I have realized over the last few years that I have some pretty unique and varied groups of friends and colleagues.  I also realized that they often don’t interact with each other.  That means that the conversations that I have with one group of friends doesn’t always get carried over to another group of friends. It happens sometimes, but it’s not guaranteed.  Additionally, I’m hardly ever present with friend group A and friend group B at the same time.  I’m constantly looking for ways to bridge that gap. Hopefully, this blog has been and continues to become one of those ways.

To that end, in my next few blog posts, I’ll share some of my messages from the Creating Options Together Conference 2014.  I hope that it sparks a dialogue between my different groups of friends and leads to some deeper connections.

The title of this particular talk was #GospelChallenge: Addressing Racial Strife as a Threat to Your Ministry.

Here’s Part 1 of 3…I’d love to hear your thoughts!


(July 2014 – Bethel University Underground)

Good Afternoon,

Friends, you may have noticed a social media trend over the last few months. I’m referring to something called the #GospelChallenge.  #GospelChallenge is where one person is “called out” by another and given 24 hours to record a personal video singing a gospel song. The videos were everywhere, and some of them were excellent!

Unfortunately, for every one singer with actual talent…There were 100’s upon 100’s of singers with voices that only their mothers could love…There were others with voices that were made for sign language or for a tightly sealed, soundproof shower…There were many others that gave new interpretation to the verse, “Jesus Wept!” As funny as some of these videos were and as inspiring as some the others were, I wasn’t invited here today to talk about THAT kind of gospel challenge but about another reality that we are called to be aware of and respond to IF we really desire to see the good news of Jesus Christ reach the inner city, take root, and bring about kingdom transformation.

Later this week, each of us will leave the comfort of this conference and head back into our communities, cities, and neighborhoods, and there, waiting on us, will be a troubling reality. Waiting for us in each of our cities is a challenge that is as old as this nation itself and is entrenched in the fabric of this great experiment that we call America.  I’m talking about racial strife, the struggle that exists in our past and even today, that makes it very difficult for people of different racial and ethnic backgrounds to connect, trust, and grow together. Friends, I wish that I could talk about this racial strife from a strictly historical & sociological perspective and say that this is an issue that exists strictly in society.  I wish that I could stand here and describe this as a situation where the Church is poised to step in and correct what is wrong, but the reality is that when it comes to racial strife, American society and the American church share matching scars. These are matching, ugly scars that cannot simply be ignored.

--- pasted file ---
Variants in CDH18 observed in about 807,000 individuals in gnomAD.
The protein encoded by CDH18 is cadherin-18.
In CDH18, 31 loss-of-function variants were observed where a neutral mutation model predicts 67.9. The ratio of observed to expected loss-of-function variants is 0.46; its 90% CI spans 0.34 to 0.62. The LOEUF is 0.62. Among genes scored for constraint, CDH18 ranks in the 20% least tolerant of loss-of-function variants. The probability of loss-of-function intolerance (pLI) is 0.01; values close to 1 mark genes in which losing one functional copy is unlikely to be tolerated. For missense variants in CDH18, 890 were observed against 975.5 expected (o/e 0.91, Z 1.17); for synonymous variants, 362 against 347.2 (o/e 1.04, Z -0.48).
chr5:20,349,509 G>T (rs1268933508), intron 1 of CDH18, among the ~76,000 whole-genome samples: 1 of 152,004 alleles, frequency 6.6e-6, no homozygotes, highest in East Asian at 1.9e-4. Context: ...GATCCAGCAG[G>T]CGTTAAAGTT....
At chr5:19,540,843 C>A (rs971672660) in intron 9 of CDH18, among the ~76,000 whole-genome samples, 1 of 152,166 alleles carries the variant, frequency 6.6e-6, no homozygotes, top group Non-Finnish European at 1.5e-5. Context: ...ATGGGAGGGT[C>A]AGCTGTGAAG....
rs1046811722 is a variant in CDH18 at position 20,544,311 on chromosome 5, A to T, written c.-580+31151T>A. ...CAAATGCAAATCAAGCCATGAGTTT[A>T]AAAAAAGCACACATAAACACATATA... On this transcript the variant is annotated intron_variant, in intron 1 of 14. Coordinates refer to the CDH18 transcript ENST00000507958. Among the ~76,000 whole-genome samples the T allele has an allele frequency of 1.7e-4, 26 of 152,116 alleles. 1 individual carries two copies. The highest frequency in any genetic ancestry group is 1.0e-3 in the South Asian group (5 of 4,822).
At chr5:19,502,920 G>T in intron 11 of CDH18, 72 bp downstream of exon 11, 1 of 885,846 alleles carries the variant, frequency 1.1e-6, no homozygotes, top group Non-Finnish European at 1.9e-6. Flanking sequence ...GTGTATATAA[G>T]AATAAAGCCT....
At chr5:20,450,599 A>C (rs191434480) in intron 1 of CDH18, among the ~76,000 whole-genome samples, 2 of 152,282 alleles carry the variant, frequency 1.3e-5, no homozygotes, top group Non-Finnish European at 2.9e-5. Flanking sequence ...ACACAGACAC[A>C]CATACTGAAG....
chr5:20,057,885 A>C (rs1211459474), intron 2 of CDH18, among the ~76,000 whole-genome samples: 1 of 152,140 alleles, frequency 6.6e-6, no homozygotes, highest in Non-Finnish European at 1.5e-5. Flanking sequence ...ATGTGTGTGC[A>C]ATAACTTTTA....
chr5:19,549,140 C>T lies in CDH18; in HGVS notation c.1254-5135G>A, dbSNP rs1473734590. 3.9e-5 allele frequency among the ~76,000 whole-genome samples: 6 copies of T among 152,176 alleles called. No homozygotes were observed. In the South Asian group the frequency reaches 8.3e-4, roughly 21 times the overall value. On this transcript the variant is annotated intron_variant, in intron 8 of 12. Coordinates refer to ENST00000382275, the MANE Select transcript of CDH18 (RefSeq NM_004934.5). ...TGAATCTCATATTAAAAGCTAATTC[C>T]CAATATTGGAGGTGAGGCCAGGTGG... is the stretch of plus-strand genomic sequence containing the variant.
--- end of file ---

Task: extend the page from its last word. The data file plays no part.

The reality is that when it comes to racial strife, the church, has “dirty hands,” and those dirty hands stand as a challenge to the Gospel.

At best, the church in America has been “impotent” when it comes to being an effective agent for healing racial strife. At its worst, the church in America has been an active accomplice, a tool, used to create and maintain racial strife and artificial racial divides. Even without looking too hard, the very people that we would seek to engage and minister to in urban communities, ESPECIALLY BLACK MEN, can see that the church has not always been a trustworthy institution.

So what exactly am  I talking about when I refer to our #GospelChallenge?

When I say that we have a #GospelChallenge, I’m saying that our history, even our present existence as the church, has become a stumbling block, an obstacle to the spread of the gospel among the lost and hurting in urban areas. I contend that we cannot simply ignore the church’s history and expect it to simply go away. Instead, I propose that must we repent of our brokenness and intentionally rededicate ourselves to the work of reconciliation. Doing so is a critical first step towards creating space for the healing of racial strife, and it must be a part of any Christ-centered strategy for seeing the Gospel reach every corner of every urban area in America.

Question: Would you agree that racial strife has been a “stumbling block” for the American Church? I’d love to hear your thoughts and explanations.  As always, feel free to disagree!